Topic

# Dynamo theory

About: Dynamo theory is a research topic. Over the lifetime, 3910 publications have been published within this topic receiving 143217 citations.

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TL;DR: In this paper, a summary of what is now known of disk turbulence and some knotty outstanding questions (e.g., what is the physics behind nonlinear field saturation?) for which we may soon begin to develop answers.

Abstract: Recent years have witnessed dramatic progress in our understanding of how turbulence arises and transports angular momentum in astrophysical accretion disks. The key conceptual point has its origins in work dating from the 1950s, but its implications have been fully understood only in the last several years: the combination of a subthermal magnetic field (any nonpathological configuration will do) and outwardly decreasing differential rotation rapidly generates magnetohydrodynamic (MHD) turbulence via a remarkably simple linear instability. The result is a greatly enhanced effective viscosity, the origin of which had been a long-standing problem. The MHD nature of disk turbulence has linked two broad domains of magnetized fluid research: accretion theory and dynamos. The understanding that weak magnetic fields are not merely passively acted upon by turbulence, but actively generate it, means that the assumptions of classical dynamo theory break down in disks. Paralleling the new conceptual understanding has been the development of powerful numerical MHD codes. These have taught us that disks truly are turbulent, transporting angular momentum at greatly enhanced rates. We have also learned, however, that not all forms of disk turbulence do this. Purely hydrodynamic turbulence, when it is imposed, simply causes fluctuations without a significant increase in transport. The interplay between numerical simulation and analytic arguments has been particularly fruitful in accretion disk theory and is a major focus of this article. The authors conclude with a summary of what is now known of disk turbulence and mention some knotty outstanding questions (e.g., what is the physics behind nonlinear field saturation?) for which we may soon begin to develop answers.

2,357 citations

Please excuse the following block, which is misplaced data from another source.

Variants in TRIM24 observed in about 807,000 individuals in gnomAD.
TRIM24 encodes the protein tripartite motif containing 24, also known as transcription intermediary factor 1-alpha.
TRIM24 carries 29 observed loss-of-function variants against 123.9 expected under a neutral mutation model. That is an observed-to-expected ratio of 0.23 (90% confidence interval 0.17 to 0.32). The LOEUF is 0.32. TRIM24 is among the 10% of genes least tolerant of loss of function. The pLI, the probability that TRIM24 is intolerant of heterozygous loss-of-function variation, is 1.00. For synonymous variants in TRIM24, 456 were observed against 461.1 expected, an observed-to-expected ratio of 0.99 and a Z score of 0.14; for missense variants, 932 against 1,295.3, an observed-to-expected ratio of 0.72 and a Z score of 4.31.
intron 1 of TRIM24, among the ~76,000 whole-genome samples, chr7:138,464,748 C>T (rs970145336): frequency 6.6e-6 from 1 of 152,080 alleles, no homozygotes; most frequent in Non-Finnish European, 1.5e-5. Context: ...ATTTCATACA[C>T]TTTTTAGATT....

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TL;DR: The current understanding of astrophysical magnetic fields is reviewed in this paper, focusing on their generation and maintenance by turbulence, where analytical and numerical results are discussed both for small scale dynamos, which are completely isotropic, and for large scale dynamo, where some form of parity breaking is crucial.

Abstract: The current understanding of astrophysical magnetic fields is reviewed, focusing on their generation and maintenance by turbulence. In the astrophysical context this generation is usually explained by a self-excited dynamo, which involves flows that can amplify a weak 'seed' magnetic field exponentially fast. Particular emphasis is placed on the nonlinear saturation of the dynamo. Analytic and numerical results are discussed both for small scale dynamos, which are completely isotropic, and for large scale dynamos, where some form of parity breaking is crucial. Central to the discussion of large scale dynamos is the so-called alpha effect which explains the generation of a mean field if the turbulence lacks mirror symmetry, i.e. if the flow has kinetic helicity. Large scale dynamos produce small scale helical fields as a waste product that quench the large scale dynamo and hence the alpha effect. With this in mind, the microscopic theory of the alpha effect is revisited in full detail and recent results for the loss of helical magnetic fields are reviewed.

1,448 citations